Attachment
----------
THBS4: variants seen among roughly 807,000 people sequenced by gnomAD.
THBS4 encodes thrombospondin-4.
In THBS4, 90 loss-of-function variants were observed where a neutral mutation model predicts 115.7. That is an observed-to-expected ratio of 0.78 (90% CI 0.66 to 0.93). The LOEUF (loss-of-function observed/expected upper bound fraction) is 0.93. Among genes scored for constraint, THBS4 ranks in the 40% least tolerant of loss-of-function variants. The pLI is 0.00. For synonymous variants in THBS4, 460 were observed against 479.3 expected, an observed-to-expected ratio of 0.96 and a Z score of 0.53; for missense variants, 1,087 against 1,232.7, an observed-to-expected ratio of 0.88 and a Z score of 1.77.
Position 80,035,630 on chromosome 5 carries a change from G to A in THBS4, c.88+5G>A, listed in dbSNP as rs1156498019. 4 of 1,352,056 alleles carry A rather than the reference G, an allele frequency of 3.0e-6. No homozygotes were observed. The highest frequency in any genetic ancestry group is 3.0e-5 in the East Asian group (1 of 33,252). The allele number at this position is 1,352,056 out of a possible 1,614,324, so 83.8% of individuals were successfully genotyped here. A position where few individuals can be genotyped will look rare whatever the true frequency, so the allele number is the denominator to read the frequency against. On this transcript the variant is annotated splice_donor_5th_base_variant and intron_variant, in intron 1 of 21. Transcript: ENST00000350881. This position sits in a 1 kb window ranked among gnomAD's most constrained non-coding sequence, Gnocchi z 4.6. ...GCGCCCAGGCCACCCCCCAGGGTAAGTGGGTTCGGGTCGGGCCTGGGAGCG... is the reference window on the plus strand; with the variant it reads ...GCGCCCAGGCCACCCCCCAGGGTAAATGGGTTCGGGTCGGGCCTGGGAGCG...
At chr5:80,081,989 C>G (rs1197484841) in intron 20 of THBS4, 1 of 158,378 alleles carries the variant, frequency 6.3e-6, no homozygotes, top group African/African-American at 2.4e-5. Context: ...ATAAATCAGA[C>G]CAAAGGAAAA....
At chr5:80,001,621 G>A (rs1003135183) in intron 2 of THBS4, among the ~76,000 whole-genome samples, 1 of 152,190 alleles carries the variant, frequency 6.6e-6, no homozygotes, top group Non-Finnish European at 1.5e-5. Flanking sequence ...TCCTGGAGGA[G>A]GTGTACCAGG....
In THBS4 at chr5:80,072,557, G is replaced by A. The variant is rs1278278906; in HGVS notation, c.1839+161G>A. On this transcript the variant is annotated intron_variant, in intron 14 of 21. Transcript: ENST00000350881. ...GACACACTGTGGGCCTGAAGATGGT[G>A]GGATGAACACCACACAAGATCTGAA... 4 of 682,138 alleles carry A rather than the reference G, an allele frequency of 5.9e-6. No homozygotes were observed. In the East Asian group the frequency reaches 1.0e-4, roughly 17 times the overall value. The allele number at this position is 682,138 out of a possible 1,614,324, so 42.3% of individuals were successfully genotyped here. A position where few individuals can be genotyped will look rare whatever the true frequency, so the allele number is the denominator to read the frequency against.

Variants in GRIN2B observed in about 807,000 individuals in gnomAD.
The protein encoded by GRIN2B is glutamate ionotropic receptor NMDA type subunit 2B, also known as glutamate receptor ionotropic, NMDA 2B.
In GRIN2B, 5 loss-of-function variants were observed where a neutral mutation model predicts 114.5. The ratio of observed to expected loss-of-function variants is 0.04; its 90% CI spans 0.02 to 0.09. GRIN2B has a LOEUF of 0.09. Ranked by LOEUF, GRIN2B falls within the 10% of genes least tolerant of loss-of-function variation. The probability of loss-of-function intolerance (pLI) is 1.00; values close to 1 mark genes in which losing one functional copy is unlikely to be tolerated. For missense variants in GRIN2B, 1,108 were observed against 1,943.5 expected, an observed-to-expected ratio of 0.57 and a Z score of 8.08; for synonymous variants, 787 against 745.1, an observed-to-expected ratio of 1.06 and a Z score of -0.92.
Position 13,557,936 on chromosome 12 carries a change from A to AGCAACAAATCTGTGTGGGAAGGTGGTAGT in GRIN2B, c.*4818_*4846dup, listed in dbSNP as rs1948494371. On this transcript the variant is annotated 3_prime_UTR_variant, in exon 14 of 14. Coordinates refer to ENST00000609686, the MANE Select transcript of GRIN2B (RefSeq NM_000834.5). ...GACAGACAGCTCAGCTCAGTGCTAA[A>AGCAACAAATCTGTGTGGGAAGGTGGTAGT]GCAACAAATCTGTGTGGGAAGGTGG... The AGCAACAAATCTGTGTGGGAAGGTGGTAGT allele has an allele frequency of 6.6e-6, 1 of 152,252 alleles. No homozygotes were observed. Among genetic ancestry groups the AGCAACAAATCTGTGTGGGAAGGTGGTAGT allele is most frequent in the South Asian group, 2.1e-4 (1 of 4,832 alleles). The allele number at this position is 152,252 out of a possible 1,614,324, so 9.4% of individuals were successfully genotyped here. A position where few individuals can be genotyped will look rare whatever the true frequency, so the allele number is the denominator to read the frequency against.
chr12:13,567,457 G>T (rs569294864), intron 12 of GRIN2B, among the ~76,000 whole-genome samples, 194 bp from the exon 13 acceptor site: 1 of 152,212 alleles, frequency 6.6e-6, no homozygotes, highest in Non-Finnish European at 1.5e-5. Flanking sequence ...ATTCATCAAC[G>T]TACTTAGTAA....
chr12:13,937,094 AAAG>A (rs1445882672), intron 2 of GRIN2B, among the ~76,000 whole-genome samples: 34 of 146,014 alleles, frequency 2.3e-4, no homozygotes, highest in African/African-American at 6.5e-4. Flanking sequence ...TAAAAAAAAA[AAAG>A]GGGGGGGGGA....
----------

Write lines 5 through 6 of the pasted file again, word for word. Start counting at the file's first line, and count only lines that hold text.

At chr5:80,081,989 C>G (rs1197484841) in intron 20 of THBS4, 1 of 158,378 alleles carries the variant, frequency 6.3e-6, no homozygotes, top group African/African-American at 2.4e-5. Context: ...ATAAATCAGA[C>G]CAAAGGAAAA....
At chr5:80,001,621 G>A (rs1003135183) in intron 2 of THBS4, among the ~76,000 whole-genome samples, 1 of 152,190 alleles carries the variant, frequency 6.6e-6, no homozygotes, top group Non-Finnish European at 1.5e-5. Flanking sequence ...TCCTGGAGGA[G>A]GTGTACCAGG....